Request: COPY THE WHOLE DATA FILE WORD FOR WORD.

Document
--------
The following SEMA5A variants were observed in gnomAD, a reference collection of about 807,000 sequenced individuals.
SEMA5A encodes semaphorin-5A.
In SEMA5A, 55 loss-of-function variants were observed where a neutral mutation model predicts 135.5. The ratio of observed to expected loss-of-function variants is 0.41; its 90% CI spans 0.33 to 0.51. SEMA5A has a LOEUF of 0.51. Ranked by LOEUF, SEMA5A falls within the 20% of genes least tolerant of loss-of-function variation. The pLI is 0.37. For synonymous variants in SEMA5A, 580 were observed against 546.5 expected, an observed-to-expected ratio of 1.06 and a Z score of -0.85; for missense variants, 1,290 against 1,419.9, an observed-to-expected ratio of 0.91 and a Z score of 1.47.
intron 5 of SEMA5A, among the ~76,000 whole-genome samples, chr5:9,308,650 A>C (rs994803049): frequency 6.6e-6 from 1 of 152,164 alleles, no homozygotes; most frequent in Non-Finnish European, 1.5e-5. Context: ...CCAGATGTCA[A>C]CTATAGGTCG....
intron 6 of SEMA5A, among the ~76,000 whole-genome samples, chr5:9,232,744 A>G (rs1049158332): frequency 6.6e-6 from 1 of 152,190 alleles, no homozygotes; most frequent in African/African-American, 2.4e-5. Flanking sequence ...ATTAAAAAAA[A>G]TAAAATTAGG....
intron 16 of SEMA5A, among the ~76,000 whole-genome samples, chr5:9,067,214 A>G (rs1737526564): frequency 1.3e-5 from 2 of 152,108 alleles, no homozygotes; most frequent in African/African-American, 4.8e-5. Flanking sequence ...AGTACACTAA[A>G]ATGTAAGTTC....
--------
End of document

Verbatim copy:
The following SEMA5A variants were observed in gnomAD, a reference collection of about 807,000 sequenced individuals.
SEMA5A encodes semaphorin-5A.
In SEMA5A, 55 loss-of-function variants were observed where a neutral mutation model predicts 135.5. The ratio of observed to expected loss-of-function variants is 0.41; its 90% CI spans 0.33 to 0.51. SEMA5A has a LOEUF of 0.51. Ranked by LOEUF, SEMA5A falls within the 20% of genes least tolerant of loss-of-function variation. The pLI is 0.37. For synonymous variants in SEMA5A, 580 were observed against 546.5 expected, an observed-to-expected ratio of 1.06 and a Z score of -0.85; for missense variants, 1,290 against 1,419.9, an observed-to-expected ratio of 0.91 and a Z score of 1.47.
intron 5 of SEMA5A, among the ~76,000 whole-genome samples, chr5:9,308,650 A>C (rs994803049): frequency 6.6e-6 from 1 of 152,164 alleles, no homozygotes; most frequent in Non-Finnish European, 1.5e-5. Context: ...CCAGATGTCA[A>C]CTATAGGTCG....
intron 6 of SEMA5A, among the ~76,000 whole-genome samples, chr5:9,232,744 A>G (rs1049158332): frequency 6.6e-6 from 1 of 152,190 alleles, no homozygotes; most frequent in African/African-American, 2.4e-5. Flanking sequence ...ATTAAAAAAA[A>G]TAAAATTAGG....
intron 16 of SEMA5A, among the ~76,000 whole-genome samples, chr5:9,067,214 A>G (rs1737526564): frequency 1.3e-5 from 2 of 152,108 alleles, no homozygotes; most frequent in African/African-American, 4.8e-5. Flanking sequence ...AGTACACTAA[A>G]ATGTAAGTTC....